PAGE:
Luckily the Habs have been healthy the last two seasons, a welcome change over recent history in an increasingly arduous sport. Being able to draw on your best players each night and build chemistry is a crucial component of success. The Kings managed to use the same 15 players (including goaltender Jonathan Quick) in all 26 playoff games en route to the Cup.
The Habs had a successful run in 2014 against the Tampa Bay Lightning and Boston Bruins thanks to a first-string roster that was prepared and available to play. The most significant injury during the playoffs was to goaltender Carey Price and the Habs’ post-season ended shortly thereafter.
A lot of the team’s success from here will depend on the team’s ability to stay healthy.
All Star Talent
When asked about Doughty, teammate Willie Mitchell said, “He loves to come to the rink and he wants to make a difference every game, and I really respect it.” The same could easily describe defenseman P.K. Subban.
Subban was the team’s top scorer during the 2014 playoffs (14 points in 17 games) and was a significant reason the Habs ousted the favoured Boston Bruins in 7 games during the Conference Semi Finals.
The former Norris Trophy winner was snubbed by the All Star selection committee this season and despite a 2nd place ranking in team points (with 19 assists and 28 points) as well as an impressive +10 (ranked 3rd on the team), Subban has the third worst turnovers stat in the league (51). With only 10 takeaways to his credit, Subban has a turnover ratio of a disappointing 0.20.
If the Habs intend to go far in the playoffs they will need Subban at his best.
If there is one thing the Kings and Canadiens have in common it’s their ability to win games when behind.
In 2014, the Kings overcame a 0-3 series deficit against the San Jose Sharks in the first round. They also managed three Game 7 victories and late comebacks in three Stanley Cup Final games.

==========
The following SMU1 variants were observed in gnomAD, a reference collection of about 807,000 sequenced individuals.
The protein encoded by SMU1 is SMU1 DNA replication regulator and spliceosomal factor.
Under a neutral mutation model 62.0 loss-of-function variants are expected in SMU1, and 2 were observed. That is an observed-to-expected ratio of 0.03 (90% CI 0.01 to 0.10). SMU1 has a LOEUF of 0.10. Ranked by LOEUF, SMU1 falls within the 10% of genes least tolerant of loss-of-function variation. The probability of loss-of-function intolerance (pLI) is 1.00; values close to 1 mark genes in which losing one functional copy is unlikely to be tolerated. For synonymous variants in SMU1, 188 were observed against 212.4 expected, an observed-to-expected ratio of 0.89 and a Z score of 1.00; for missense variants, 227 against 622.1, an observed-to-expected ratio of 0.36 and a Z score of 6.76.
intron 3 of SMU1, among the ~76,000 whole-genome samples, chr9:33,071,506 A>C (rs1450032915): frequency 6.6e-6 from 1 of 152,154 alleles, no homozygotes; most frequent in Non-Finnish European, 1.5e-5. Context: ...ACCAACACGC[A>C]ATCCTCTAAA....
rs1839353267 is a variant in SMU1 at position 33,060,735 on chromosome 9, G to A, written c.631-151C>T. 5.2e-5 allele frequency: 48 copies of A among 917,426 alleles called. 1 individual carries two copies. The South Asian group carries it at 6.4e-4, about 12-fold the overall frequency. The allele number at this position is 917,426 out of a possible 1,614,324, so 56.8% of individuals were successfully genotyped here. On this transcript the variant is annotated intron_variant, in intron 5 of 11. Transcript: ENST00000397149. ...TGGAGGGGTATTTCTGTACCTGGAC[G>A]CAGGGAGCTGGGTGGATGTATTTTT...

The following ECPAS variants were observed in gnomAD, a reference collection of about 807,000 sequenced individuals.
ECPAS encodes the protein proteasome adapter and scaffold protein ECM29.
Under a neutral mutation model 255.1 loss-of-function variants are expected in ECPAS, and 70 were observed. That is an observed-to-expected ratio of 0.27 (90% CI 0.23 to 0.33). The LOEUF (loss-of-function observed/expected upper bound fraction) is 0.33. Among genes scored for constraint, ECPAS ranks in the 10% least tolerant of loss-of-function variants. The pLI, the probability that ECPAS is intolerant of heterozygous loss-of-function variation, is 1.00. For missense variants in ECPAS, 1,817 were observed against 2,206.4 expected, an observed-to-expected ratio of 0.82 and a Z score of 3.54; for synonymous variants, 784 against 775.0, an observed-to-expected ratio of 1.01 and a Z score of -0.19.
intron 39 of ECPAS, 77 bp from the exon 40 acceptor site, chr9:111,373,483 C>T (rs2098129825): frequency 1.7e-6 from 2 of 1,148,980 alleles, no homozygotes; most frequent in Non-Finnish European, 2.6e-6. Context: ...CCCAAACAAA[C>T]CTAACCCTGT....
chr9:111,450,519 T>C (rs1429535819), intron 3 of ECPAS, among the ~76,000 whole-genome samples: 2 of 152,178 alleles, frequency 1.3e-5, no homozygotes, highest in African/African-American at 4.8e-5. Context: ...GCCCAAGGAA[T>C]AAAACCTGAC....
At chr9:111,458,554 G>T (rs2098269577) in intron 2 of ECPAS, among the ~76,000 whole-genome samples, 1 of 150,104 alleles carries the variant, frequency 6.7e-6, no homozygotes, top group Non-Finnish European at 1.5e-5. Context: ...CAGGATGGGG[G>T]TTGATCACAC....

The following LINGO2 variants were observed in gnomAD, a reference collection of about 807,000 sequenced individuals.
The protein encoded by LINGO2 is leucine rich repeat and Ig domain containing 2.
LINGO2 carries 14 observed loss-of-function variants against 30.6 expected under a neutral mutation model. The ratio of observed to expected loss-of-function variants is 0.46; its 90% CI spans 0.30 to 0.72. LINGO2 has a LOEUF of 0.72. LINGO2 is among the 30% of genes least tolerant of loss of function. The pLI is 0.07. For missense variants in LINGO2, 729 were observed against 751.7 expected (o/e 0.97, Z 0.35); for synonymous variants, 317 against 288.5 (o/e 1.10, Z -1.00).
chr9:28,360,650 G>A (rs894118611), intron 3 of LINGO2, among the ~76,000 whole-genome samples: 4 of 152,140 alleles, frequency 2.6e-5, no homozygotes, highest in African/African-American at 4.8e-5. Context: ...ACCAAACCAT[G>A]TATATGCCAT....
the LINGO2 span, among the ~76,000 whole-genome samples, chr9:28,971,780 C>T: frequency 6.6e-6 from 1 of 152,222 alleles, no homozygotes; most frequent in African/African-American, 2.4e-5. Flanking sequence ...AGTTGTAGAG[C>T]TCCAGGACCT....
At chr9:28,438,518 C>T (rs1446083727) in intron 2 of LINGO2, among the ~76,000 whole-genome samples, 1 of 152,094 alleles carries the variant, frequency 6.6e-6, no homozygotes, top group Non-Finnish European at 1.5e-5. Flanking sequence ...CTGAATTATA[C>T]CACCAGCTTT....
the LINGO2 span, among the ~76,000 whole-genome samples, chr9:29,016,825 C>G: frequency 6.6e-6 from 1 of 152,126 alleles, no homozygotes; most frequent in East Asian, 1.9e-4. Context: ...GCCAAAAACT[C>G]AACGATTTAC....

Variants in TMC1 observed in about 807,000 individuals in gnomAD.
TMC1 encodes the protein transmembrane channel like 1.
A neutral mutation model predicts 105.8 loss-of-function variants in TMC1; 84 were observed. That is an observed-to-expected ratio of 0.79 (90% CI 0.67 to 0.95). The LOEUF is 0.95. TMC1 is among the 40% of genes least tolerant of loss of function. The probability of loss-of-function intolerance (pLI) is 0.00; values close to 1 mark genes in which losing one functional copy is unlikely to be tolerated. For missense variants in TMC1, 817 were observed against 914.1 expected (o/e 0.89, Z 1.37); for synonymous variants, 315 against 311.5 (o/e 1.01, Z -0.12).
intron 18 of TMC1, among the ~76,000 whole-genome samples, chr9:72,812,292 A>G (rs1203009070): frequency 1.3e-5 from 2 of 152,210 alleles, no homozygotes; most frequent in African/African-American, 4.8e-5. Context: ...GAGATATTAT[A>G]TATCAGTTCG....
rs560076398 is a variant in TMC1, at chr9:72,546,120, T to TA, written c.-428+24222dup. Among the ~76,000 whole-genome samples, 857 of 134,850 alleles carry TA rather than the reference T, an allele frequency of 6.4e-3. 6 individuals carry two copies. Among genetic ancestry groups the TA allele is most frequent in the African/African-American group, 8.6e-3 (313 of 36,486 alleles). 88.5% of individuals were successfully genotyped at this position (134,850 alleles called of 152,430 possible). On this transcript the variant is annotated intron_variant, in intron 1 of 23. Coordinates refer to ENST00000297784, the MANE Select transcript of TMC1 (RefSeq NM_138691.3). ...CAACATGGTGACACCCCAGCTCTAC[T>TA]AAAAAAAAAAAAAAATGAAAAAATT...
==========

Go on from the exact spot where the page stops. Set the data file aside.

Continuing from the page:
To their credit, and dating back to last season, the Habs are known for their late game heroics.
Of the team’s 106 goals scored (ranked 22nd in the league. Ouch.), 50 were counted in the 3rd period (ranked 3rd behind Tampa and Calgary, tied at 51). The Habs also have the second best winning percentage when trailing after one, behind the Calgary Flames.
After their 3 goal come back against the Columbus Blue Jackets on Wednesday night, the Habs have perseverance enough to make a splash in the playoffs.
Coaching is the most difficult facet of the Habs game to predict. Kings head coach Darryl Sutter was commended for being ‘steadfast and steady’ throughout the 2014 playoffs. During the regular season, those would be the last two words used to describe Habs head coach Michel Therrien.
Still, during those same playoffs Therrien had a young roster buying into his system, and deserved considerable credit for the team’s success. With the Habs in good standing at the halfway mark, now is the time for tinkering with lines and combinations. The team needs it, thanks to a horrendous power play and lack of secondary scoring.
We can only hope that when April is upon us the Habs have found a system that works; one that can propel them deep into the playoffs.
Are the Habs contenders? Today, most would likely say no; if only because the Western Conference teams are considered far superior. But the team has Subban, is healthy and continues to prove that they will not give up. If the Habs want to contend, and they can, the team’s lack of depth will need to be addressed and Therrien will have to prove, once again, that he can play a steady hand in the playoffs.
If those two factors are addressed over the remaining final half, I like the team’s chances.